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Environmental zone offensive in Spain

In the next few years, owners of old vehicles will have a hard time in Spain. The largest environmental zone in Europe is being introduced in Madrid. In the rest of the country, the number of low emission zones will increase 30-fold!

After a bitter setback for Madrid's environmental activists - the abolition of the previous low emission zone - the Iberian capital is now cracking down on old vehicles again at top speed. Madrid is to have a permanent low emission zone again from 2022. By 2024, this zone is to grow successively and then form the largest environmental zone in Europe. The project is planned within the framework of the sustainability plan "Madrid 360".

The new Madrid zone is to be 604 square kilometres in size, almost 4 and 6 times larger than the respective zones in Brussels and Paris. It is to exclude so-called A-vehicles, i.e. those that cannot obtain a sticker with the labels 0, Eco, B or C. These are diesel vehicles with Euro-Norms. These are diesel vehicles with Euro standard 3 or worse and petrol vehicles with Euro standard 2 or 1 or worse. Initially, however, only vehicles registered outside the city will be affected. Madrileneans will be given a grace period. They are to be encouraged to switch to greener means of transport, above all with alternatives and positive incentives.

For Spaniards and foreigners living outside the city, however, things will be tight as of 1 January 2022. Then A-vehicles will no longer be allowed to drive in the area within the M-30 ring road. One year later, from 2023, the ring road itself will also be affected by the regulation. From 2024, the entire city area will be closed to non-Madrilenian A-vehicles, and from 2025, the grace period for Madrid residents will also be over.

Between 2021 and 2023, 110 million euros are to be made available for the implementation of the plans for clean air. The money is to be used for the changeover to low-emission vehicle fleets in public, but also private spaces. Air conditioning systems are also to be modernised and old wood stoves replaced. In the city centre, 2 free and one chargeable electric bus line have already been introduced. Diesel buses are to disappear completely from the fleet by 2023. Electric bike stations have also already been significantly expanded. After the installation of 90 more stations, the BiciMad bike system now counts a proud 258 stations in the city. Pedestrian zones have also been expanded. For example, at the Puerta del Sol. To reduce traffic in the city centre, a park-and-ride car park was also set up at the Fuente de la Mora. More are to follow at the Pitis and the Aviación Española. In addition to the new environmental zone, special protective measures are to be taken in the Centro district and near Plaza Elíptica, as these areas are currently particularly affected by air pollution.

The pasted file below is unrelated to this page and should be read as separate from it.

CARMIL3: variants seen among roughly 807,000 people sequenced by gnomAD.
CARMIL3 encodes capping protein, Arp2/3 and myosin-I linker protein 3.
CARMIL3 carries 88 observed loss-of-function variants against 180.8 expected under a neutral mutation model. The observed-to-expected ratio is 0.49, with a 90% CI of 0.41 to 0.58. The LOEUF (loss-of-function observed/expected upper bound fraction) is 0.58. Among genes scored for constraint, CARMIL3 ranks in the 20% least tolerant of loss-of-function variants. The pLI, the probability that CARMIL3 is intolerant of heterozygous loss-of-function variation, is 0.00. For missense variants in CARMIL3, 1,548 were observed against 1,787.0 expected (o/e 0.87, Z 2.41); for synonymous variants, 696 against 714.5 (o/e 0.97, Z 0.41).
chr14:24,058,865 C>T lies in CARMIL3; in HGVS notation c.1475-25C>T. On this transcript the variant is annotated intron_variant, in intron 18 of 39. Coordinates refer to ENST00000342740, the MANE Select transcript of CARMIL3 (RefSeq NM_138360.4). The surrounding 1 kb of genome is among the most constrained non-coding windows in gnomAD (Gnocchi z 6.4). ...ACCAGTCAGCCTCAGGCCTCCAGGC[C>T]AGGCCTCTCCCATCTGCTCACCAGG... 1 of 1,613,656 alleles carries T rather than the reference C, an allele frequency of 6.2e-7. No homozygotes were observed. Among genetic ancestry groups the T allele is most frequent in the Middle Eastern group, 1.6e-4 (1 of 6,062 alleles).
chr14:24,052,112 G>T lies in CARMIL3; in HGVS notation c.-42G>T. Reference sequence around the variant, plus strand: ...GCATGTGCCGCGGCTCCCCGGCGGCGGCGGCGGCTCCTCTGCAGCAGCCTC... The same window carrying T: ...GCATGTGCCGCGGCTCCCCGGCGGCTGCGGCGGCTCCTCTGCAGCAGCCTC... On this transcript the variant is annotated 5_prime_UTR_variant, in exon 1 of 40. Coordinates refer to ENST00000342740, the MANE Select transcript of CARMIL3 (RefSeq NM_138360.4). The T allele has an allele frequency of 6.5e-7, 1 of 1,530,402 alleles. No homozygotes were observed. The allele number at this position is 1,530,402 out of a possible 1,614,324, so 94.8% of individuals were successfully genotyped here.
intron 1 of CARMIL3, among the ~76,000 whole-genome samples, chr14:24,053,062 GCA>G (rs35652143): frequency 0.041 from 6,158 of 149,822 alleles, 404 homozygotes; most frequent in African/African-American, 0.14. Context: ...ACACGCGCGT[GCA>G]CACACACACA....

But it is not only in Madrid, but throughout the country that the new environmental zones are being introduced. There will soon be 150 new environmental zones in conurbations with more than 50,000 inhabitants, and in some cases also in areas with 20,000 to 50,000 inhabitants. This is required by the new "Climate Change Law", the new "Plan for Recovery, Transformation and Resilience" and the programme "Spain 2050: Foundations and Proposals for a Long-Term National Strategy". Among other things, all these laws have the goal of fundamentally changing the Spanish vehicle fleet and putting significantly more e-cars on the roads. From 2040 onwards, new cars with combustion engines will no longer be allowed to be sold. The toll will also be raised and fuel will become more expensive. All in all, driving in Spain will become much more unpleasant.

With regard to the new environmental zones, it can be assumed at first that the cities will orientate themselves on the A-vehicles, similar to the new Madrid environmental zone. But gradually, the rules for the low emission zones in Spain will probably be tightened in a similar way as in neighbouring France, so that eventually not only the A-vehicles, but all diesels will slowly disappear from the cities.

For tourists and commuters from other countries, who, according to the current status, will not need a sticker but a registration to enter the low emission zones, the preparation before travelling to Spain will thus become much more complicated. Registration already exists in Barcelona.

You can read about the new Spanish low emission zones in our blog and of course in the Green-Zones app. This way, you can travel to the Iberian Peninsula relaxed despite the new rules.